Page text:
When the service was first established, it was labeled PEO, Professional Employer Organization, because we believed that we were doing something similar in nature to what the U.S. PEO business model achieves for clients. Essentially, we were removing all of the administrative burdens, risks and hassles for clients.
At the same time, we started to recognize that what we were doing was actually different, and we thought that the difference was significant enough that we wanted to distinguish it. We did not want to confuse or mislead clients into believing that PEO and the service we performed were exactly the same.
The services are based very much around the co-employment model in the U.S. Co-employment, however, does not exist in the same format in other countries around the world. In fact, very few countries have co-employment. Some may even view it as illegal. France and Switzerland, for example, have laws that take a fairly harsh view of the co-employment style of relationship. In those countries, they almost take the stance that the employer may be looking to shirk some employment responsibility.
We, as a team, mulled over it. We wanted to keep the association with PEO because many of the benefits or advantages to GEO were exactly the same as PEO, but we had to distinguish them. We came up with the phrase Global Employment Outsourcing, which fed into GEO very nicely and kept the link. We were quite pleased with it. It is now SafeGuard World International trademarked, and we are looking to draw the brand in the international employment space.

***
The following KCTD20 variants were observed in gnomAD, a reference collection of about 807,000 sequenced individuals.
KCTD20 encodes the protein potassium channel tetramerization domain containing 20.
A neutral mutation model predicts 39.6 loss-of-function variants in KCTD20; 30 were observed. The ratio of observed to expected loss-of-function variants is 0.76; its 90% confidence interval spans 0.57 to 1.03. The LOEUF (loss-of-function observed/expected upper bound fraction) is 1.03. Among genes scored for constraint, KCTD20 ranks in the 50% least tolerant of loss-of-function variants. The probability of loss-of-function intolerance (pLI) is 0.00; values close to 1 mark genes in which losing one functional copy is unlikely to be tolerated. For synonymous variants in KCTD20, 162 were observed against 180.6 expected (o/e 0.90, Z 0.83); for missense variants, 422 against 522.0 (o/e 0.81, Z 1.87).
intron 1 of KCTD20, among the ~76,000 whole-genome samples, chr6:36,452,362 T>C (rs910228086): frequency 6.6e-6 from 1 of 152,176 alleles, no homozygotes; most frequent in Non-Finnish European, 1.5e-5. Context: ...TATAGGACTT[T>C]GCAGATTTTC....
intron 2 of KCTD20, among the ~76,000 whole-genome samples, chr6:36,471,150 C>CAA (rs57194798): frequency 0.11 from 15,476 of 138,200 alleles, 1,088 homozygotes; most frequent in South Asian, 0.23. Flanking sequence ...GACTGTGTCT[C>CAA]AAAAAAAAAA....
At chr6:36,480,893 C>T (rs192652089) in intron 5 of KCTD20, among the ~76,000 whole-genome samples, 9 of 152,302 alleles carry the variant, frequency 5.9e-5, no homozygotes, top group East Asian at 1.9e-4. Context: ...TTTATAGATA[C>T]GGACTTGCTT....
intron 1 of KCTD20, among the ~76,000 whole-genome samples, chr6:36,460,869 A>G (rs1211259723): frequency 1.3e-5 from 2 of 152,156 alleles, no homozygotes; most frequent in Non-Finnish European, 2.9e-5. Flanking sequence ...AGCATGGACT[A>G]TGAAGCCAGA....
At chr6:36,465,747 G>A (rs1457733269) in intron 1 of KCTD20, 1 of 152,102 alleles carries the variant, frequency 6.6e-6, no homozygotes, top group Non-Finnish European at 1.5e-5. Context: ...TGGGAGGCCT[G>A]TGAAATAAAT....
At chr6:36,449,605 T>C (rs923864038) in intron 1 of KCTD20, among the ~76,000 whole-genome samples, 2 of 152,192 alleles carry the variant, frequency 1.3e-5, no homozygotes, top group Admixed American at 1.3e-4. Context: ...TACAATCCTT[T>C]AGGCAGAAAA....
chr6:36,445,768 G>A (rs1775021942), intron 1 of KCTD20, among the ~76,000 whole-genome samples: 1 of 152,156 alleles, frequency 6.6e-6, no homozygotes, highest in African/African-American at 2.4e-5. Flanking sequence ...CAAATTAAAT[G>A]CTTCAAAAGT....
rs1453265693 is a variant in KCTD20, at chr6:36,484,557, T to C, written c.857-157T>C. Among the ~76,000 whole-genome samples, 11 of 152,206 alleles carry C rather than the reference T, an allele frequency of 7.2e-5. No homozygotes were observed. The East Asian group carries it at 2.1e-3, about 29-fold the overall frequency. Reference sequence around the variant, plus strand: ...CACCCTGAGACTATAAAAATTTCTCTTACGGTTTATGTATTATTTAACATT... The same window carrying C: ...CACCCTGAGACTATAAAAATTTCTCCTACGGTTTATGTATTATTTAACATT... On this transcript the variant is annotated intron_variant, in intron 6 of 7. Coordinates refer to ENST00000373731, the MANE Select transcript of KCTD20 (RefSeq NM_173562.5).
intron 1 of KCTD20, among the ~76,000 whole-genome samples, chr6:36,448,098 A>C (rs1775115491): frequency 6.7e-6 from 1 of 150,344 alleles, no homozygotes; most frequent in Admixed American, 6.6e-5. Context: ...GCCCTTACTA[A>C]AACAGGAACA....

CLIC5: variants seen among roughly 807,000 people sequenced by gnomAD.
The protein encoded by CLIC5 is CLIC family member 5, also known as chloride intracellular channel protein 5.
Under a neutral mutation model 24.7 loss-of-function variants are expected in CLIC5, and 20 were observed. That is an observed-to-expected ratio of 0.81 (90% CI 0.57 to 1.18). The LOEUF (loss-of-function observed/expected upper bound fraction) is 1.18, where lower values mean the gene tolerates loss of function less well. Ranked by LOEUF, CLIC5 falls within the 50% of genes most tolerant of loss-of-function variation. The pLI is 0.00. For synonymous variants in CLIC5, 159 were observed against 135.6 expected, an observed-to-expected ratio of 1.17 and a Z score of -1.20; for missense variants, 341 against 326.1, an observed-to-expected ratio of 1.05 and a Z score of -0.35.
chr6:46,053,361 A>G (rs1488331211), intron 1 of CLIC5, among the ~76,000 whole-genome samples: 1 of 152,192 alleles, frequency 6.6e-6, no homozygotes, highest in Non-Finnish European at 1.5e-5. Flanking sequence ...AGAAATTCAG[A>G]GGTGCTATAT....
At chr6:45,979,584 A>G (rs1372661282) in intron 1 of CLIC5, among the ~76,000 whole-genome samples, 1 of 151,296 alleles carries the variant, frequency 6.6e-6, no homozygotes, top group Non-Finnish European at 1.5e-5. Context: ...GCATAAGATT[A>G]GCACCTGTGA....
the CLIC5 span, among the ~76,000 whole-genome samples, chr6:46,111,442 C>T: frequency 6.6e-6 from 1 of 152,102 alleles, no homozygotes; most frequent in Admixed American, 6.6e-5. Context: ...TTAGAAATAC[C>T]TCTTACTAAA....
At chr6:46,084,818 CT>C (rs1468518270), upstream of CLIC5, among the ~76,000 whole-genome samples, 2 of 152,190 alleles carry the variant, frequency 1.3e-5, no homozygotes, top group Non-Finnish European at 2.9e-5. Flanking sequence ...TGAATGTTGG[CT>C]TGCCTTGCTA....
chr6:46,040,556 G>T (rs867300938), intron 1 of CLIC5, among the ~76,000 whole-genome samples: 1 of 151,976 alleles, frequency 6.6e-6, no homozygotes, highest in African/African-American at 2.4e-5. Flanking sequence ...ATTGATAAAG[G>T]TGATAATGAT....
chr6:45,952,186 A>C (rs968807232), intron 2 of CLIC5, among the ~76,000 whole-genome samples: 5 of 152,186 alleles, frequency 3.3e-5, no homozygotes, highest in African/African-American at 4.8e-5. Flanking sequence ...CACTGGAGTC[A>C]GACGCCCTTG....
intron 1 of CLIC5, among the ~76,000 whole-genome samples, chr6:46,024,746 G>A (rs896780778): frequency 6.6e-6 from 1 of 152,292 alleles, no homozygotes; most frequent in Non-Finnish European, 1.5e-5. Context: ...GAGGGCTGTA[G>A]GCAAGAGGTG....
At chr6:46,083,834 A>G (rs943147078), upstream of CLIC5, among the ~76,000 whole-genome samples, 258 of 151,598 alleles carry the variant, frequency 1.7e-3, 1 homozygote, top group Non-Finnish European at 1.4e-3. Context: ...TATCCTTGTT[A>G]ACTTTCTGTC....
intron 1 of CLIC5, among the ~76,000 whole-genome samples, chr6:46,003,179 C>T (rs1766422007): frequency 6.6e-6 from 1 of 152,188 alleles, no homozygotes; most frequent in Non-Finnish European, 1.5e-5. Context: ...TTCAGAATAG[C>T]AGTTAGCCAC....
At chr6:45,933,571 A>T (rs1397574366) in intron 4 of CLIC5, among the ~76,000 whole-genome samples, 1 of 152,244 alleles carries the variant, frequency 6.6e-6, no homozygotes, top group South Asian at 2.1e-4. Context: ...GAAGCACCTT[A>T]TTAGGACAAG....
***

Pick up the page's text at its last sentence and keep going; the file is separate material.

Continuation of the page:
Global Employment Outsourcing does exactly what it says on the tin. A client can completely outsource the employment of their international workers to us in exactly the same way our global payroll services work. The two have very similar models. We have a global network of expert partners in each of the countries we serve, and they become the technical employer of record for the worker on behalf of the client. Then, we simply invoice our client for the costs of the services that the worker is providing them.
What is different, and how I believe GEO sets us apart, is that we are very flexible in how we help the client structure their employment scenario. For example, we can customize employment terms. Some traditional staffing agencies may be very rigid in what they can offer from the employment contract to the terms that are contained within that contract and right out to the customary versus statutory benefit provisions that a client might wish to provide for workers. The statutory benefits here in the U.S. and in the U.K. are not always enough for some of the senior workers. They may not be enough for companies looking to attract a high level of talent and retain it.
It is important for companies to understand what customary benefits an employer should offer in that country. It is crucial to identify what the better talent may be seeking from employers. We can customize those employment scenarios for the clients and build them out to whatever extent they wish or to which we are limited by the legislation of that country.